The City watchdog let down customers of a failed minibond firm, an investigation into the authority’s handling of London Capital and Finance (LCF) has been told.
Bondholders, who risk losing a combined £237 million from their investment into the failed company, said they had trusted the fact that LCF was regulated by the Financial Conduct Authority.
“If I bought anything from a shop, I would have protection … that’s what I thought the FCA was going to do for me, they let me down,” one man told an independent investigation into the FCA’s conduct, run by Dame Elizabeth Gloster.
Another, who invested in March 2018, just about a year before the company collapsed, said: “The FCA were warned of this in 2015 and 2017, it was kept under wraps. If that had come forward before I was going to invest, I wouldn’t have invested.”
We are considering the reasons the compensation scheme has given for reimbursing some people, but not othersDame Elizabeth Gloster
He added: “The FCA was the cause of this collapse because they kept this under wraps.”
The investment firm sold so-called minibonds, which are essentially private loans given to companies.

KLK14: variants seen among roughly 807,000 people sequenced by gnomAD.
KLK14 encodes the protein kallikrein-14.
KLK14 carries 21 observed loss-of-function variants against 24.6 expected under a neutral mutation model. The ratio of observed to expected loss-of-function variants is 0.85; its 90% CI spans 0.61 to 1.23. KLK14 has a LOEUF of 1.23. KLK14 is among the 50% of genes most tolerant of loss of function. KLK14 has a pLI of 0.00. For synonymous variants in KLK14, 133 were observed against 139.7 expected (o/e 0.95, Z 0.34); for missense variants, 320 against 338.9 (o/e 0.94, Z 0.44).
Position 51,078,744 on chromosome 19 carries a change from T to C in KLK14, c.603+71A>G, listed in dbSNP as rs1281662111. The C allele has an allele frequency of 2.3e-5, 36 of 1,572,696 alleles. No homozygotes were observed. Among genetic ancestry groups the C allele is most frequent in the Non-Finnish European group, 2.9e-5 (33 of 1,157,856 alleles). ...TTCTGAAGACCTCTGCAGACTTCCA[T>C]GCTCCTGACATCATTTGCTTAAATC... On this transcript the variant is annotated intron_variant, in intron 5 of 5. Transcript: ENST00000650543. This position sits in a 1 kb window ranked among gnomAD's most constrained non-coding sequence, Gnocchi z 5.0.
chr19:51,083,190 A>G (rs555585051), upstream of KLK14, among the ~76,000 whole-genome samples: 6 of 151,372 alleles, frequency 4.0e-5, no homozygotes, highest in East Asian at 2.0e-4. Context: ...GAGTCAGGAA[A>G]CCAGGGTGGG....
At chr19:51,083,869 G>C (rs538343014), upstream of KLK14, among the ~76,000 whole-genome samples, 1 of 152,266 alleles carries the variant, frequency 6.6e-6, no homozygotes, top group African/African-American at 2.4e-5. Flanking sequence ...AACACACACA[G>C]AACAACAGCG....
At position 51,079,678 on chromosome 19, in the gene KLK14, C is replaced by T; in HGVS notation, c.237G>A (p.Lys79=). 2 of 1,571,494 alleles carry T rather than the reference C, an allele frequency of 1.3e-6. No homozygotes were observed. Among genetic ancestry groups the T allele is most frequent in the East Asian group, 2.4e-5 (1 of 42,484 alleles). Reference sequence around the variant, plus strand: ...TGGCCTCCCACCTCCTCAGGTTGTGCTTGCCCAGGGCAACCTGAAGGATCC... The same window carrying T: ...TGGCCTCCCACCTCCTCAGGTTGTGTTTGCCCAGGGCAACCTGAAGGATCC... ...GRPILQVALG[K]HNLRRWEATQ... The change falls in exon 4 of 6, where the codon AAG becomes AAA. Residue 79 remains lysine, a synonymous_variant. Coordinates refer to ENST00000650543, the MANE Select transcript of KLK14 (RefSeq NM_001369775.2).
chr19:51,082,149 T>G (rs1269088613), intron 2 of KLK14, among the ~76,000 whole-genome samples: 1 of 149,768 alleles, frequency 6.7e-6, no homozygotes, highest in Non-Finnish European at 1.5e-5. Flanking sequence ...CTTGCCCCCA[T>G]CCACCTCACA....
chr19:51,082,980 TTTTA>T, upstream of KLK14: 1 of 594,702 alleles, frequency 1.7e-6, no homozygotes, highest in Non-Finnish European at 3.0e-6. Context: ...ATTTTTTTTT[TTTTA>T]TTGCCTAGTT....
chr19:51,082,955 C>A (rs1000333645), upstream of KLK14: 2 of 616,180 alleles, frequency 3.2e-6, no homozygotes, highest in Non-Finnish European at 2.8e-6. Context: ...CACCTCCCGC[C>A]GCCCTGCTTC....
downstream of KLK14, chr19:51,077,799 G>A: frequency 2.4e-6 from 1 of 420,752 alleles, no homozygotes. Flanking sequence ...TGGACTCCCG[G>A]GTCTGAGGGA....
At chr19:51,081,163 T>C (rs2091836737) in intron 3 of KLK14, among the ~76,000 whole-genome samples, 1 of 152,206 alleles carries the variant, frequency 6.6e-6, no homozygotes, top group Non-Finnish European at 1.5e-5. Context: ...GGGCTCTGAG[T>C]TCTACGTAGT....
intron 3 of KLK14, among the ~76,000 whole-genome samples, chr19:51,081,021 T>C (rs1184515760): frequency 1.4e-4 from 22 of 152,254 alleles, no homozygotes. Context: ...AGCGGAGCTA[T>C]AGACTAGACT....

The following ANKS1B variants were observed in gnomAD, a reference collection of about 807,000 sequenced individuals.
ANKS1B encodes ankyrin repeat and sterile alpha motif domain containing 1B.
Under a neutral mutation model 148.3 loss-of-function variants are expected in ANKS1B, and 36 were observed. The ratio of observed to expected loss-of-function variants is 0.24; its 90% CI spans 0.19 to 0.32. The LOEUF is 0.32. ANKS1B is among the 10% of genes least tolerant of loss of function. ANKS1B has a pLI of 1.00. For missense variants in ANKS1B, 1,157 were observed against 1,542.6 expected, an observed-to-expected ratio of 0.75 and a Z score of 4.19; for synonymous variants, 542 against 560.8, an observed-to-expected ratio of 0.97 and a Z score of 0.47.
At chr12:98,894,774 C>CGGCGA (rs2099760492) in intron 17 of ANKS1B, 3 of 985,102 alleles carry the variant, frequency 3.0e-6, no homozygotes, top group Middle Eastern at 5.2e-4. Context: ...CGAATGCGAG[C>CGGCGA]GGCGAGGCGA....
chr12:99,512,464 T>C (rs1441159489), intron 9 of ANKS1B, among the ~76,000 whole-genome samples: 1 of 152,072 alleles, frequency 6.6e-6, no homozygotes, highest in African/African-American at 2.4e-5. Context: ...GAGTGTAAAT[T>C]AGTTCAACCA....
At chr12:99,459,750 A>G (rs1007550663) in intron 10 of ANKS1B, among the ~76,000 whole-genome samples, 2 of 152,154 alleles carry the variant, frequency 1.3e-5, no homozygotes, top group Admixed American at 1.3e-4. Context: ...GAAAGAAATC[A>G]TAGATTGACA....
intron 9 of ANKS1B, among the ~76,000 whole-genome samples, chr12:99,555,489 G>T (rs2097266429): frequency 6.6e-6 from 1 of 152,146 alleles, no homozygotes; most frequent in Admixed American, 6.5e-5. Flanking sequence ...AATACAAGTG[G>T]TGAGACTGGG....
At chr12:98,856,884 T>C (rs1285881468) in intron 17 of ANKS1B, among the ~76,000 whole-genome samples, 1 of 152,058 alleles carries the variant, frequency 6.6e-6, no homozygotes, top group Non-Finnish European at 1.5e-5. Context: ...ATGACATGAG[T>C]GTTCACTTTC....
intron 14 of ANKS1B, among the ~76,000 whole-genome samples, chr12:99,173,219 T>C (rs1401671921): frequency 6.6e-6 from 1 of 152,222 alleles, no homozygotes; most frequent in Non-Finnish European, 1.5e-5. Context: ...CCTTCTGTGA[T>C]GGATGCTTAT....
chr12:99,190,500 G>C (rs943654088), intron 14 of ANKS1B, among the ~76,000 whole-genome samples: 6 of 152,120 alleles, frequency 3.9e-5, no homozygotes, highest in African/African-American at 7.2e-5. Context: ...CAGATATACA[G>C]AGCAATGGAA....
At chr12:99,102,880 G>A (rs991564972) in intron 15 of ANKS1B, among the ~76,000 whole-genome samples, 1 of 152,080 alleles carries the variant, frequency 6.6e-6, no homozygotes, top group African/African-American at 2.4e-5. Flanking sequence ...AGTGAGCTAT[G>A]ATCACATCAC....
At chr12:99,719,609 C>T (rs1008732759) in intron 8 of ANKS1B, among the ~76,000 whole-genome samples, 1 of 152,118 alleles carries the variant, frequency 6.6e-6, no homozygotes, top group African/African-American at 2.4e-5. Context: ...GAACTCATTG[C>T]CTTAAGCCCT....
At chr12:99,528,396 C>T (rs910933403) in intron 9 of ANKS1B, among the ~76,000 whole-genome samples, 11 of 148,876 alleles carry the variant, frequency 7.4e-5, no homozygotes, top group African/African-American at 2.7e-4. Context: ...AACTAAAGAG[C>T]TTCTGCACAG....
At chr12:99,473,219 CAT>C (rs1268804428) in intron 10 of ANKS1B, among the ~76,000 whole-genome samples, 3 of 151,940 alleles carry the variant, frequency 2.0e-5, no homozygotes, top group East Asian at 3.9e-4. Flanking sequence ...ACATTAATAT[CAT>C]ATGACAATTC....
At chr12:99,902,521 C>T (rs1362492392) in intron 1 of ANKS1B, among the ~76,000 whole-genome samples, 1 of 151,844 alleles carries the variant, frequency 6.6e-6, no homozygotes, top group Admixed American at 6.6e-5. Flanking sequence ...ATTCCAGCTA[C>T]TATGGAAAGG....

London Capital and Finance collapsed in January last year, with around 11,600 investors.
These investors had bought around 16,000 minibonds, worth an estimated £237 million.
Only a very small minority of LCF’s mainly elderly bondholders have been told that they will get their money back from a Government scheme set up to compensate customers of financial service firms that fail.
The Financial Services Compensation Scheme (FSCS) initially said that the minibonds did not fall under its remit, so investors would be on their own.
However, it later said that the advertising of the bonds might be regulated by the FSCS.
Yet earlier this month it found that only 159 would be guaranteed compensation, 289 would not, and it would have to comb through the remaining 11,150 cases on a case-by-case basis to see if they qualify.
Dame Elizabeth told bondholders at the meeting: “We are considering the reasons the compensation scheme has given for reimbursing some people, but not others.”
The FCA set up an investigation, run by Dame Elizabeth, to assess if it properly supervised LCF, and what warnings it was given ahead of the collapse.
During the session, Dame Elizabeth also revealed that Andrew Bailey, the head of the FCA who has been announced as the next governor of the Bank of England, will be interviewed as part of the investigation.